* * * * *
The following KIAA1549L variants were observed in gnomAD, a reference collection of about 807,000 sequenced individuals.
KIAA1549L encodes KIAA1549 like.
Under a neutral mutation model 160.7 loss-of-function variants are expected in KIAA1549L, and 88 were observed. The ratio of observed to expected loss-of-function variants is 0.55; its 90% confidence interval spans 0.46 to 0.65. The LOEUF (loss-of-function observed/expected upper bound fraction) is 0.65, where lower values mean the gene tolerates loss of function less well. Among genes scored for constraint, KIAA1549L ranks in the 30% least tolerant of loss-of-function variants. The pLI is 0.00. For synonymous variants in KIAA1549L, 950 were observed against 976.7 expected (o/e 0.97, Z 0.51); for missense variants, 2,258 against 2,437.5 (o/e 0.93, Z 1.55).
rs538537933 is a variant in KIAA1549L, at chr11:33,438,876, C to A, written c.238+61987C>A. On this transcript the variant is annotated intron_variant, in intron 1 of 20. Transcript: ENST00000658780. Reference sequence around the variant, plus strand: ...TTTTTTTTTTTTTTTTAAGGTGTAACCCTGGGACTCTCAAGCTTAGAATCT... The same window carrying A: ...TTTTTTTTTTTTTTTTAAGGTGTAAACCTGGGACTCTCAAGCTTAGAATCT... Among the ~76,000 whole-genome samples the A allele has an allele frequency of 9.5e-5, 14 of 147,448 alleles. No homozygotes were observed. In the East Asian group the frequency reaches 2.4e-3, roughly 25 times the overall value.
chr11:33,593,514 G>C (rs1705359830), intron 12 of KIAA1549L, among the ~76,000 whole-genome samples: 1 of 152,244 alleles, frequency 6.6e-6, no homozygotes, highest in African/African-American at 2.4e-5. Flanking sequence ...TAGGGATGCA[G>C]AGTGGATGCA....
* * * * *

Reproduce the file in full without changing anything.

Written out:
The following KIAA1549L variants were observed in gnomAD, a reference collection of about 807,000 sequenced individuals.
KIAA1549L encodes KIAA1549 like.
Under a neutral mutation model 160.7 loss-of-function variants are expected in KIAA1549L, and 88 were observed. The ratio of observed to expected loss-of-function variants is 0.55; its 90% confidence interval spans 0.46 to 0.65. The LOEUF (loss-of-function observed/expected upper bound fraction) is 0.65, where lower values mean the gene tolerates loss of function less well. Among genes scored for constraint, KIAA1549L ranks in the 30% least tolerant of loss-of-function variants. The pLI is 0.00. For synonymous variants in KIAA1549L, 950 were observed against 976.7 expected (o/e 0.97, Z 0.51); for missense variants, 2,258 against 2,437.5 (o/e 0.93, Z 1.55).
rs538537933 is a variant in KIAA1549L, at chr11:33,438,876, C to A, written c.238+61987C>A. On this transcript the variant is annotated intron_variant, in intron 1 of 20. Transcript: ENST00000658780. Reference sequence around the variant, plus strand: ...TTTTTTTTTTTTTTTTAAGGTGTAACCCTGGGACTCTCAAGCTTAGAATCT... The same window carrying A: ...TTTTTTTTTTTTTTTTAAGGTGTAAACCTGGGACTCTCAAGCTTAGAATCT... Among the ~76,000 whole-genome samples the A allele has an allele frequency of 9.5e-5, 14 of 147,448 alleles. No homozygotes were observed. In the East Asian group the frequency reaches 2.4e-3, roughly 25 times the overall value.
chr11:33,593,514 G>C (rs1705359830), intron 12 of KIAA1549L, among the ~76,000 whole-genome samples: 1 of 152,244 alleles, frequency 6.6e-6, no homozygotes, highest in African/African-American at 2.4e-5. Flanking sequence ...TAGGGATGCA[G>C]AGTGGATGCA....